31. 31. Yamada T, Ohta H, Masuda T, Ikeda M, Tomita N, et al. (1998) Purification of a novel type of SDS-dependent protease in maize using a monoclonal antibody. Plant Cell Physiol 39: 106–114.
  32. 32. Rowan AD, Mason P, Mach L, Mort JS (1992) Rat procathepsin B. Proteolytic processing to the mature form in vitro. J Biol Chem 267: 15993–15999.
  33. 33. Van der Hoorn RAL, Wulff BBH, Rivas S, Durrant MC, Van der Ploeg A, et al. (2005) Structure-function analysis of Cf-9, a receptor-like protein with extracytoplasmic leucine-rich repeats. Plant Cell 17: 1000–1015.
  34. 34. Faye L, Strum A, Bollini R, Vitale A, Chrispeels MJ (1986) The position of the oligosaccharide side-chains of phytohemagglutinin and their accessibility to glycosidases determines their subsequent processing in the Golgi. Eur J Biochem 158: 655–661.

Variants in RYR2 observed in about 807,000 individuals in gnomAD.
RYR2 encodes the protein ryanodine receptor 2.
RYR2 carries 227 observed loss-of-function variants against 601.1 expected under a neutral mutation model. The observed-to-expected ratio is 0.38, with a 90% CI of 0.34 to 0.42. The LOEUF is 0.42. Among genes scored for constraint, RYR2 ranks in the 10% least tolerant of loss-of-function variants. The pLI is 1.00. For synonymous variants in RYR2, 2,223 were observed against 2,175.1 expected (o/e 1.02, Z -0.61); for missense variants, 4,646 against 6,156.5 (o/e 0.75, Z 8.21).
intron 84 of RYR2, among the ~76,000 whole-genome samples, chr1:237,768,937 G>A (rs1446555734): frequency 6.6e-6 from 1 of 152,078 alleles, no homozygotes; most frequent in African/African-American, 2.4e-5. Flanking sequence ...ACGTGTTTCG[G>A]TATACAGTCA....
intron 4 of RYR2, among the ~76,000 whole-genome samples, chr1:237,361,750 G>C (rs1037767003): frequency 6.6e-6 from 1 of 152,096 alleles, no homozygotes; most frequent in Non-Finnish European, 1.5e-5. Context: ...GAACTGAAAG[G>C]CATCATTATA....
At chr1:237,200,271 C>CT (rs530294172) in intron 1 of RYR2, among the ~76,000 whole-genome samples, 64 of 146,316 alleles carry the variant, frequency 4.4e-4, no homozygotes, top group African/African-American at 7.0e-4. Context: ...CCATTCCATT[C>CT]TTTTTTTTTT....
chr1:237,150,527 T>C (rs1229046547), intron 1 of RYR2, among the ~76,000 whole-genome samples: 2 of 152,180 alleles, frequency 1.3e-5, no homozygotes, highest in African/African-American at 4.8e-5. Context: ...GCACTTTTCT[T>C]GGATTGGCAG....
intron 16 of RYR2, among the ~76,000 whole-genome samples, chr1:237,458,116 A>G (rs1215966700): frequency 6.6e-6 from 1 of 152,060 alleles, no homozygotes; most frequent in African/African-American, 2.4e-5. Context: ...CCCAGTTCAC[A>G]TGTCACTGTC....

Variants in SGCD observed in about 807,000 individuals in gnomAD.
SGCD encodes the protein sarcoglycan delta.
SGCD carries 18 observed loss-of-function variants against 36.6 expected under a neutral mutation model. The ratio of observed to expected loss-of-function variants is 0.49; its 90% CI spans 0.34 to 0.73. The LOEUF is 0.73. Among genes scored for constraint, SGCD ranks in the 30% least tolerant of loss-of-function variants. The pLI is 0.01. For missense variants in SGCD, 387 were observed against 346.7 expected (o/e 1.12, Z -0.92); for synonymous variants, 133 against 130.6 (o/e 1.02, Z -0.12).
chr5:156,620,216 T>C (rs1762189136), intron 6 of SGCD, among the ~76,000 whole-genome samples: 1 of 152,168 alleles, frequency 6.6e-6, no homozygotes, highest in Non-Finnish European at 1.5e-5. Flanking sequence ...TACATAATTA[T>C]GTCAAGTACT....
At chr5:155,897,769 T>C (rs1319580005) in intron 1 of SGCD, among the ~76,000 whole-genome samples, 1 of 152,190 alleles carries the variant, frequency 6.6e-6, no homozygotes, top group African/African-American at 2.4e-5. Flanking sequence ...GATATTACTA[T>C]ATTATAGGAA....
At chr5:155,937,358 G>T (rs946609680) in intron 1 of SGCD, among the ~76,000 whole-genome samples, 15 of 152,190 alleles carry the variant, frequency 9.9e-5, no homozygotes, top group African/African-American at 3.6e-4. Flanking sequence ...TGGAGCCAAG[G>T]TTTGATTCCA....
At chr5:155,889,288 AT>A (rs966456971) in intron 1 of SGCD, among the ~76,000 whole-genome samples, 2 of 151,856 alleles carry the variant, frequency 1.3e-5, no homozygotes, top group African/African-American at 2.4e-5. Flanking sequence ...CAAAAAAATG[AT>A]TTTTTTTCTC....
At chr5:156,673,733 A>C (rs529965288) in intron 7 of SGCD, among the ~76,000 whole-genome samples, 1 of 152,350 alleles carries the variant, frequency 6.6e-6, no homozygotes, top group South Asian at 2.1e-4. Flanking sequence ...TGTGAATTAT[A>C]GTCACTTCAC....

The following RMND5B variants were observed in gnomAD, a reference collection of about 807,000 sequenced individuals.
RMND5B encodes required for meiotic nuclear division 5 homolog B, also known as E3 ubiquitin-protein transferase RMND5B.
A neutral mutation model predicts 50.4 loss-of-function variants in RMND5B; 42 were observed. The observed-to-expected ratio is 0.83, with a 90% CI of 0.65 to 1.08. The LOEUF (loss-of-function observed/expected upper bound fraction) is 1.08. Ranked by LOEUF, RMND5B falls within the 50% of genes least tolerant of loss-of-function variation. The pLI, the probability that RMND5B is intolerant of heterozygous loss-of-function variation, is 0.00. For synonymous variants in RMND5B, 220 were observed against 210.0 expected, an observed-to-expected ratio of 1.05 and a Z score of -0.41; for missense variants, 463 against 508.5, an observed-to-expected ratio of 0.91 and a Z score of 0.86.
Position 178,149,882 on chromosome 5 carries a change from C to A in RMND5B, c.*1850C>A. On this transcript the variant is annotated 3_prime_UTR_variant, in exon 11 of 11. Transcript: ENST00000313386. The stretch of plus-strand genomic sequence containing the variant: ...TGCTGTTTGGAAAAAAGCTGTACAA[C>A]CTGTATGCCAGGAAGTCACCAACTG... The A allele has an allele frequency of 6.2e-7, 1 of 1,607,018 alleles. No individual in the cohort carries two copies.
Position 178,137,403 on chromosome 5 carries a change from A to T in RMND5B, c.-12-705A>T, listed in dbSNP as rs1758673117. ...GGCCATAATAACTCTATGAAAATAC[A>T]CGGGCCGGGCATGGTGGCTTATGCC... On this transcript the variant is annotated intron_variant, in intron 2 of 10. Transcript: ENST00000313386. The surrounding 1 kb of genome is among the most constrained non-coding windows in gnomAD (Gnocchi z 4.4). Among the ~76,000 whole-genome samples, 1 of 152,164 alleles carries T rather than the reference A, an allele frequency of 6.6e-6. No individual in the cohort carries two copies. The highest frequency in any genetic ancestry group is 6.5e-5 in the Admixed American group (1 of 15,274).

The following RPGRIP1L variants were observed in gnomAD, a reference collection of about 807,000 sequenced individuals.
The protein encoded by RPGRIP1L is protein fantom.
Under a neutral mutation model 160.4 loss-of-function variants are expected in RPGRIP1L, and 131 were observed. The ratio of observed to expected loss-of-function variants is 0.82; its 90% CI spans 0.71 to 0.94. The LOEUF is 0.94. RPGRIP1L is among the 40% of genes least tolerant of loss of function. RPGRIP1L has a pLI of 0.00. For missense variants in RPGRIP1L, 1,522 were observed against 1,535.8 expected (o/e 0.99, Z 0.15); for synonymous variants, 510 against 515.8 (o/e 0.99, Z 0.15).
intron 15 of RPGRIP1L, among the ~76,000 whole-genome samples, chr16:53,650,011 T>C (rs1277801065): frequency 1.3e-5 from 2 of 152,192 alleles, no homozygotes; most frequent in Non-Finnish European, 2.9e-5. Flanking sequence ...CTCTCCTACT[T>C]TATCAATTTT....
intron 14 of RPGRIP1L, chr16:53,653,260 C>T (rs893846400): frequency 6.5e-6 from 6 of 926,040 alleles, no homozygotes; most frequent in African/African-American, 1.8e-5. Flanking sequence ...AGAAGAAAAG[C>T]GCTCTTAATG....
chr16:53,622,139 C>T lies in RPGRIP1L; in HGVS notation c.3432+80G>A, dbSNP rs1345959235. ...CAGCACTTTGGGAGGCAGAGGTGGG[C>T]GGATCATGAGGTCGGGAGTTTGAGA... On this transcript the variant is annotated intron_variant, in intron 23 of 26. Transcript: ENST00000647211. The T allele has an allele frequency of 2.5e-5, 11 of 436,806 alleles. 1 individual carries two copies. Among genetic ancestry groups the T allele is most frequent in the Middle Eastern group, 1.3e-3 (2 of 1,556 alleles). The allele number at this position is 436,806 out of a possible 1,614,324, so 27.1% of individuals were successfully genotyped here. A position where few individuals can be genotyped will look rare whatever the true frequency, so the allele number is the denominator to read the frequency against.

35. 35. Mach L, Mort JS, Glössl J (1994) Maturation of human procathepsin B. Proenzyme activation and proteolytic processing of the precursor to the mature proteinase, in vitro, are primarily unimolecular processes. J Biol Chem 269: 13030–13035.
  36. 36. Mason SD, Joyce JA (2011) Proteolytic networks in cancer. Trends Cell Biol 21: 228–237.
  37. 37. Holwerda BC, Galvin NJ, Baranski TJ, Rogers JC (1990) In vitro processing of aleurain, a barley vacuolar thiol protease. Plant Cell 2: 1091–1106.
  38. 38. Halls CE, Rogers SW, Rogers JC (2005) Purification of a proaleurain maturation protease. Plant Sci 168: 1267–1279.
  39. 39. Drenth J, Jansonius JN, Koekoek R, Swen HM, Wolthers BG (1968) Structure of papain. Nature 218: 929–932.
  40. 40. Varughese KI, Ahmed FR, Carey PR, Hasnain S, Huber CP, et al. (1989) Crystal structure of a papain-E-64 complex. Biochemistry 28: 1330–1332.